Like many professional football players, James Burgin wanted to gain qualifications to prepare for life post-playing, but couldn’t see how to fit education in alongside football. Currently playing as a left-back for Swedish team Pitea IF, James found the answer to his dilemma in 2016 when he was accepted onto a BA Sport Management degree at University College of Northern Denmark (UCN) in association with FIFPRO, a course specially designed for current players. As James graduated this January, we caught up with him to find out how he balanced boots and books.
Hi James, what made you want to start studying?
When I got to 26 and met my partner, I started to think about the future and what I might do when I wanted to stop playing. I’ve always wanted to stay within sport if possible. However I’ve never wanted to coach, so when I saw something about the FIFPRO sports management course, it looked like a great opportunity to gain knowledge on the business side of football. I’ve always been good with economics and the course covered aspects such as marketing, leadership and the legal side of business management – all the things you might need to run a successful sporting organisation. I got in touch with Shane Birtles at the PFA because I thought this course could help me learn some essential skills.
What did you enjoy most about the course?
Over the three and a half years on the course, I gained a solid understanding of how to run a sporting organisation. Being able to do the course online with other sportspeople who were in the same situation as I was, helped a lot too. There was a real focus on different sports but I liked it best when they looked into the economic structure of football clubs and the marketing side of it. I enjoyed the internship, which was a big part of the course because it made me see it how it all works in practice. The whole structure of the course was fascinating and I looked forward to the lectures, which I didn’t expect. I could study when I wanted to accommodate my playing schedule, so it worked well for me.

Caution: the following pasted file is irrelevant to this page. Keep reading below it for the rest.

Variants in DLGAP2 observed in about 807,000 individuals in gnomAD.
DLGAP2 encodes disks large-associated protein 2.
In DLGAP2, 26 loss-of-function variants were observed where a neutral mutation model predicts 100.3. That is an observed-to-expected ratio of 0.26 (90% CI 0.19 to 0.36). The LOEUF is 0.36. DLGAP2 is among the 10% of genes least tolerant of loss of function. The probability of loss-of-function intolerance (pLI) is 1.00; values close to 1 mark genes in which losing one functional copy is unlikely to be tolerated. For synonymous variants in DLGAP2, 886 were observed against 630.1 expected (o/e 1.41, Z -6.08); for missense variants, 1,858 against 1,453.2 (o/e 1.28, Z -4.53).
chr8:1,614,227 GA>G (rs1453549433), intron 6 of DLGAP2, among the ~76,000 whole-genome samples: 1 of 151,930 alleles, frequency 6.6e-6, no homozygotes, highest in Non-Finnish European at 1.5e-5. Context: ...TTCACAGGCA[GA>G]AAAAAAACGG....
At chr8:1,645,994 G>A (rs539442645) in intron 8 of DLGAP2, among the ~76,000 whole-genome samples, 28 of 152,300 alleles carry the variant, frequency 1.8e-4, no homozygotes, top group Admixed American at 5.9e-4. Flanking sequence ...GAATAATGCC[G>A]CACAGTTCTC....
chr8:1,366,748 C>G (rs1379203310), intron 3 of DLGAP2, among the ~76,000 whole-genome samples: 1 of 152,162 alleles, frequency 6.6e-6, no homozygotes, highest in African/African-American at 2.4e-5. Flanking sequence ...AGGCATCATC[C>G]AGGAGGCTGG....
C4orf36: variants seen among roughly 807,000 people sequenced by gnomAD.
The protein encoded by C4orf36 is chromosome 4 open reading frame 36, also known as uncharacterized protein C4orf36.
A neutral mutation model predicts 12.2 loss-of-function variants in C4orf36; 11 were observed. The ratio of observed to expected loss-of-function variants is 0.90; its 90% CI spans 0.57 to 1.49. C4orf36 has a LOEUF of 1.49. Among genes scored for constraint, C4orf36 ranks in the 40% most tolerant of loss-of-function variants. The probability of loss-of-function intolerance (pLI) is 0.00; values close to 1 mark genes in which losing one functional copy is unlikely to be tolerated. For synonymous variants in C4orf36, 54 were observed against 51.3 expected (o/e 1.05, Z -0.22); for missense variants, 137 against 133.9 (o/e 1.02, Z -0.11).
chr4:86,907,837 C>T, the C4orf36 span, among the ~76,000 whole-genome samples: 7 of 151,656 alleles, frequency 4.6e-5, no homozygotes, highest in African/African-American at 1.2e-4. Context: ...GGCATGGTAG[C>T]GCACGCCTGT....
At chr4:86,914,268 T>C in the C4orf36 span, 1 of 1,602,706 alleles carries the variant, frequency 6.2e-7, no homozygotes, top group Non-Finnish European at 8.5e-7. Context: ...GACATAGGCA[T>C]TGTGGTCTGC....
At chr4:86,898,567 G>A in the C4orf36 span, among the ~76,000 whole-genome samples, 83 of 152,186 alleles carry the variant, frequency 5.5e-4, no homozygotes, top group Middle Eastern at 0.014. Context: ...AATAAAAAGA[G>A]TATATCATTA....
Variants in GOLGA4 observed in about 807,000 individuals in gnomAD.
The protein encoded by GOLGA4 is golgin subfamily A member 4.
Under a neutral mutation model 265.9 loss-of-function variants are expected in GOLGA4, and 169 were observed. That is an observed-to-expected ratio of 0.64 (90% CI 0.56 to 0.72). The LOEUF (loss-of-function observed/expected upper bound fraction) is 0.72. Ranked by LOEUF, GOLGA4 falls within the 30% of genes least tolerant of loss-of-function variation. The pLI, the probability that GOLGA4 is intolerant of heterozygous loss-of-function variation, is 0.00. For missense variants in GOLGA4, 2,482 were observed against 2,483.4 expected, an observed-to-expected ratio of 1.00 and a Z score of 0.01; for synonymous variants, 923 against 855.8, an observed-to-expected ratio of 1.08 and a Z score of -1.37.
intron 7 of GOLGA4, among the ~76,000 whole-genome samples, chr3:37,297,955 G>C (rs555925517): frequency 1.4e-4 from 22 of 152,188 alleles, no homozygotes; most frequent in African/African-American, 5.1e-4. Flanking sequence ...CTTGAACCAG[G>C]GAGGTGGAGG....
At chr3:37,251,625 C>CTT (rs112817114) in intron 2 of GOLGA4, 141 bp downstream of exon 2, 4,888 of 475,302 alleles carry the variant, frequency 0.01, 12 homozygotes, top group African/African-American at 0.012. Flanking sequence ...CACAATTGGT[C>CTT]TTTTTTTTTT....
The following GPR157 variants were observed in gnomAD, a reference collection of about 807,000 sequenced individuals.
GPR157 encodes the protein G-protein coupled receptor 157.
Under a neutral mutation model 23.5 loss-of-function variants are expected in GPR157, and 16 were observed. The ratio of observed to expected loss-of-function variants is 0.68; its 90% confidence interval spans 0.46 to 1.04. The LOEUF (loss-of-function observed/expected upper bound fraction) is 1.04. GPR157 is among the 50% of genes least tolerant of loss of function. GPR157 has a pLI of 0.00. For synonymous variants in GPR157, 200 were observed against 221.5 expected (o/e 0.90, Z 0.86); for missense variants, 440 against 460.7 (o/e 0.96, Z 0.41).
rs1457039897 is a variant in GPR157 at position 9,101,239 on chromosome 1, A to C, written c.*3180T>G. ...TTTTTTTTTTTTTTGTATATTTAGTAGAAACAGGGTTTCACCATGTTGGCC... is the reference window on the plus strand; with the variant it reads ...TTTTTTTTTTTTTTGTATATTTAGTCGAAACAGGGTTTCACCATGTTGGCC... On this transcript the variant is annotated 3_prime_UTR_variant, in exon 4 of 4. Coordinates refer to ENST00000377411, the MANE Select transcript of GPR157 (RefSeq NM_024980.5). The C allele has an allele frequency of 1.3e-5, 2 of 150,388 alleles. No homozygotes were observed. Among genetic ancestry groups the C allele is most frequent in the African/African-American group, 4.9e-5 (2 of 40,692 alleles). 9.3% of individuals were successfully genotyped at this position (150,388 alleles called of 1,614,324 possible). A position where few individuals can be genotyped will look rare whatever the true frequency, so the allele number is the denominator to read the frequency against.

How did the PFA Charity support you?
Where do I start?! I had a lot of support from the PFA Charity. Shane was my go-to person as they helped with funding for the course, books and travel. They also helped me during my internship and with information, surveys and research for my exams. The PFA was great with any support I needed in general.
What are your plans now you’ve graduated?
I've looked into doing a master's degree in sports psychology, however, I'm going to take this year off to figure out what I want to do. I live in the north of Sweden, where there are limited footballing prospects, but to me, that just means I'll have to create my own opportunities like setting up a business.
Would you recommend the course to other players?
Yes. If they're prepared to work and stick at it, they will get a lot from it. Not only education-wise but also in the real world when they start doing their internships. I thought it would be easy because I loved sports, but it's not as simple as that, so they need to prepare for a lot of reading. It was a big change for me at first but I when I got my head around not physically going to lectures I became focused and found I could comfortably set aside 4 hours a day to study. The course is designed to fit in around football, so I would definitely recommend it because I think it suited my lifestyle well, and so will probably suit many other players too.
Find out More...
The next FIFPRO Online Academy will commence on 1st September 2020 and the application window closes on the 15th March. There are only a limited number of places available and competition is expected to be fierce, so if any current players are interested in applying you can: